Recent news that China and Iran are close to finalizing an economic and security partnership, initially proposed by Beijing in January 2016, has renewed anxieties among some U.S. observers that Washington is gradually ceding the Middle East to its principal strategic competitor. Commenters raised similar concerns after the January 2020 assassination of Islamic Revolutionary Guard Corps-Quds Force commander Maj. Gen. Qassem Soleimani. Targeting Soleimani undermined relations not only with Iran, but also with Iraq, since the drone strike that killed him took place at Baghdad International Airport and also killed an Iraqi Shiite militia commander.
While the United States is concerned primarily about a resurgent China's inroads in the Middle East, it is also nervous about the gambits of a revanchist Russia, which is perhaps now the most influential external actor in both Syria and Libya. The White House's 2017 national security strategy (PDF) and the Pentagon's 2018 national defense strategy (PDF) are concerned principally about the revival of great-power competition with Beijing and Moscow. While many discussions center on the Asia-Pacific and the Baltic regions, the Middle East is starting to figure more prominently. This June, the commander of U.S. Central Command, Gen. Kenneth McKenzie Jr., described the region as a “Wild West” arena of competition in which China is principally using its economic heft to establish a long-term strategic “beachhead,” and Russia is using limited but “pretty high-intensity” deployments of military assets “to throw sand in [America's] gears” and “appear to be a player on the global stage when it comes to Middle Eastern issues.”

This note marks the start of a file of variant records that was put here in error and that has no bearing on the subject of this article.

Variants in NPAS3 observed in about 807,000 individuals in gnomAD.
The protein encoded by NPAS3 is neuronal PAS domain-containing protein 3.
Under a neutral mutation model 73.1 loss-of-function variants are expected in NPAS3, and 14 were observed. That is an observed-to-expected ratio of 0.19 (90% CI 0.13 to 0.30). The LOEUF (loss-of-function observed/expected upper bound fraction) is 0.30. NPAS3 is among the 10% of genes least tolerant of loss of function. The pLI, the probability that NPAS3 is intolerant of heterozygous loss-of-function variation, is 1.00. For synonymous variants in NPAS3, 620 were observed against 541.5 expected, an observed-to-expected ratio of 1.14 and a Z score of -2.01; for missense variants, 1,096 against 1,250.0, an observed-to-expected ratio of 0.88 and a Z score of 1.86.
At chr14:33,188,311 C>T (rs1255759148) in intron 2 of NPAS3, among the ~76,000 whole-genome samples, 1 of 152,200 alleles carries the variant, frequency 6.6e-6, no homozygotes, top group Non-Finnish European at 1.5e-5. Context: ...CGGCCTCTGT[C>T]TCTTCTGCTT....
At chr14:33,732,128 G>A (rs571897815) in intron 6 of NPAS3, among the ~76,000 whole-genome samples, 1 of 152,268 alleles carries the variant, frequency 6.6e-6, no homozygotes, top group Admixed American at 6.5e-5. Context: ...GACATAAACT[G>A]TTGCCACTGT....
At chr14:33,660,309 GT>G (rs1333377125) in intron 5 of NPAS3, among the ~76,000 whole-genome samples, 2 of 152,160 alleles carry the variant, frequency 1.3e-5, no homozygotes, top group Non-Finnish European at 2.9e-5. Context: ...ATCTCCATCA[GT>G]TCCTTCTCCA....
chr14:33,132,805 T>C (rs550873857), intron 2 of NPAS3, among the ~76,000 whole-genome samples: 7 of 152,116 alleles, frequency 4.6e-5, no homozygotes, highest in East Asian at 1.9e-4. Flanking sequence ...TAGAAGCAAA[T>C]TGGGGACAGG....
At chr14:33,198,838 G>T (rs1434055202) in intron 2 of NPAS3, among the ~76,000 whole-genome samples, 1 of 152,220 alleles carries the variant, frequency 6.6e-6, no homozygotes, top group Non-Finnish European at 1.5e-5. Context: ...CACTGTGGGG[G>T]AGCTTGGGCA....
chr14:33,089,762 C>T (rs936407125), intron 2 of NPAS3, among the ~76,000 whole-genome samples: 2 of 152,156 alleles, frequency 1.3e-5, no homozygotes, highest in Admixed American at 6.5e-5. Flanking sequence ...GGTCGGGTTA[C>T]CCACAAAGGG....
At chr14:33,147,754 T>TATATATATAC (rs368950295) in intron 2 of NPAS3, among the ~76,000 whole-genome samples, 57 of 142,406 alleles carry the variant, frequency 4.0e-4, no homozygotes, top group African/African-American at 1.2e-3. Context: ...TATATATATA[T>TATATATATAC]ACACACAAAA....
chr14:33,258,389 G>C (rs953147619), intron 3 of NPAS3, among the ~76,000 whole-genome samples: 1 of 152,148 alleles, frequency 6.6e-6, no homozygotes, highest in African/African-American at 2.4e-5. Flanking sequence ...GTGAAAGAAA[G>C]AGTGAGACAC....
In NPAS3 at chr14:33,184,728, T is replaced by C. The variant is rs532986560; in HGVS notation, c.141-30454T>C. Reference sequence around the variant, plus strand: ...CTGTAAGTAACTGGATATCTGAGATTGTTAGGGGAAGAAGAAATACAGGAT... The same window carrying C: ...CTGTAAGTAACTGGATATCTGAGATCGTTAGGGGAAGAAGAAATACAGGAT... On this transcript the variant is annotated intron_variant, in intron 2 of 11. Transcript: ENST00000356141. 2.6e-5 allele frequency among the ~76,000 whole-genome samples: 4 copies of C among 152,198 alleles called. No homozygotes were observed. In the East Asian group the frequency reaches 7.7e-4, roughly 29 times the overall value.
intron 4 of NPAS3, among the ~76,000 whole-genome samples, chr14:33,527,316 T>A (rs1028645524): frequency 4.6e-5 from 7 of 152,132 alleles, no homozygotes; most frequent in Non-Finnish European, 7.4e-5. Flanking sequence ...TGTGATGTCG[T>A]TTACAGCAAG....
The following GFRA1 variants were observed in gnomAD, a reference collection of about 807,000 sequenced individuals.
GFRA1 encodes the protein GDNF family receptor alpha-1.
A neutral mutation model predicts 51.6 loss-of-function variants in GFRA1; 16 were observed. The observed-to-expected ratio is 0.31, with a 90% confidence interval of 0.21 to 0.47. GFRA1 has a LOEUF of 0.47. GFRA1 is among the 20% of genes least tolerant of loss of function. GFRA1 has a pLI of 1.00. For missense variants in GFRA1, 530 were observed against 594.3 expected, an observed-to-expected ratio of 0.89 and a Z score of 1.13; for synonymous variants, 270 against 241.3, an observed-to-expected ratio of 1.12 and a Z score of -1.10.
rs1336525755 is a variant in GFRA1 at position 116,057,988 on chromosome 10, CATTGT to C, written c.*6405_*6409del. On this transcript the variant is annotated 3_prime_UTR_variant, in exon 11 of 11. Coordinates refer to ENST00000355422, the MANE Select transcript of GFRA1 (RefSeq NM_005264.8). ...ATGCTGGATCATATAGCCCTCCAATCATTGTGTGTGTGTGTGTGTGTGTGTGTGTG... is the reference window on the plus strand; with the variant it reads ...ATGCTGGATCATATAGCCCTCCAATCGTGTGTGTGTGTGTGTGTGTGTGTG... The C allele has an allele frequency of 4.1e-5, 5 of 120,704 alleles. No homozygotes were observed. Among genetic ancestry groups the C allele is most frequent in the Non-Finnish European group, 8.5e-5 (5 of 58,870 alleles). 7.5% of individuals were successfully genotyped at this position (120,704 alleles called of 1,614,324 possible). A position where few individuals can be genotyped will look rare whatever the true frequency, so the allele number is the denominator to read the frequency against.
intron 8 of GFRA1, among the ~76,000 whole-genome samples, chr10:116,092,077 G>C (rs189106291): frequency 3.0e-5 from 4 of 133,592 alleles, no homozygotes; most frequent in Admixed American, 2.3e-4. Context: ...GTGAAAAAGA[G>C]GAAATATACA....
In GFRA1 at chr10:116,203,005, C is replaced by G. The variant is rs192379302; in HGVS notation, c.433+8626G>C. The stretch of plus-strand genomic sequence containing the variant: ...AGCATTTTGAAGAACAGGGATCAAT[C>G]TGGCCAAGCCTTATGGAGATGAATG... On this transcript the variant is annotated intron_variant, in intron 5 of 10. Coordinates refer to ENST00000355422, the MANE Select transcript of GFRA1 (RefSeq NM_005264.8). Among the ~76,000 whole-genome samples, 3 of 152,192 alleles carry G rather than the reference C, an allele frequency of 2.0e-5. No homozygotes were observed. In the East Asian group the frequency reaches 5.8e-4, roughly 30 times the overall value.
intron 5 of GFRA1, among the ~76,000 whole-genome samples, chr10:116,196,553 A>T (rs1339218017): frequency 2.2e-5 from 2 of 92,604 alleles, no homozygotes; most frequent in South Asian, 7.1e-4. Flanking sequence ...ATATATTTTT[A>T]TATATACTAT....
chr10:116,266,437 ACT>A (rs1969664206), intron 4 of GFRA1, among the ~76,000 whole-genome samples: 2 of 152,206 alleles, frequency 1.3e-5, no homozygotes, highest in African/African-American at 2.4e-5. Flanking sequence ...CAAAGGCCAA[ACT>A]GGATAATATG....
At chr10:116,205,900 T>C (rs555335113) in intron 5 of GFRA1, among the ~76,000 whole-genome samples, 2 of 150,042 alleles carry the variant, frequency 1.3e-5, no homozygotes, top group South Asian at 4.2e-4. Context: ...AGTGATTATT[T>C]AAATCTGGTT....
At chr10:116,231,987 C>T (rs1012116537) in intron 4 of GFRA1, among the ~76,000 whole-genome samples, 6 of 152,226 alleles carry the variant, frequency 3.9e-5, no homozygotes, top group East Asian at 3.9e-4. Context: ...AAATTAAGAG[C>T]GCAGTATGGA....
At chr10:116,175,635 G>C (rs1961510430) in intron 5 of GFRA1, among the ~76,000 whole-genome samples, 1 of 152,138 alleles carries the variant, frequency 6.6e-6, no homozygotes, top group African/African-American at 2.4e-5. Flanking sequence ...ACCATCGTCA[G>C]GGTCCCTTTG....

Some erosion of U.S. influence in the Middle East was likely inevitable. America's relative preeminence in world affairs is considerably lower than it was when the Soviet Union dissolved. China and Russia, meanwhile, are far more capable of translating long-standing grievances against the post-Cold War order into meaningful opposition—principally in their respective near abroads, but also further afield, including in the Middle East. U.S. policymakers and the public alike, meanwhile, are increasingly calling for a recalibration of their country's role in the region, owing not only to deep disappointment with nearly two decades of military morass in Afghanistan and Iraq, but also to a growing sentiment that the United States should circumscribe and demilitarize its efforts in the Middle East. While that judgment is not unanimous, it is gaining more high-profile advocates: An essay by Johns Hopkins University's Mara Karlin and the Brookings Institution's Tamara Cofman Wittes in the January/February 2019 issue of Foreign Affairs, an article by the Council on Foreign Relations's Martin Indyk this January in the Wall Street Journal, and a paper by the Center for a New American Security's Ilan Goldenberg and Kaleigh Thomas this July are three notable examples. Finally, one might argue that the Middle East does not figure as prominently in U.S. national interests as it did a decade or two earlier. The unconventional energy revolution underway in the United States makes it less dependent on imports of crude oil and natural gas from the region, and U.S. counterterrorism operations have significantly reduced the threat that the global jihadist movement poses to the homeland.…
The remainder of this commentary is available at lawfareblog.com.
Ali Wyne is a nonresident senior fellow at the Atlantic Council and a nonresident fellow at the Modern War Institute. Colin P. Clarke is an adjunct senior political scientist at the nonprofit, nonpartisan RAND Corporation, a senior research fellow at the Soufan Center, and an assistant teaching professor at Carnegie Mellon University's Institute for Politics and Strategy.
This commentary originally appeared on Lawfare on September 17, 2020. Commentary gives RAND researchers a platform to convey insights based on their professional expertise and often on their peer-reviewed research and analysis.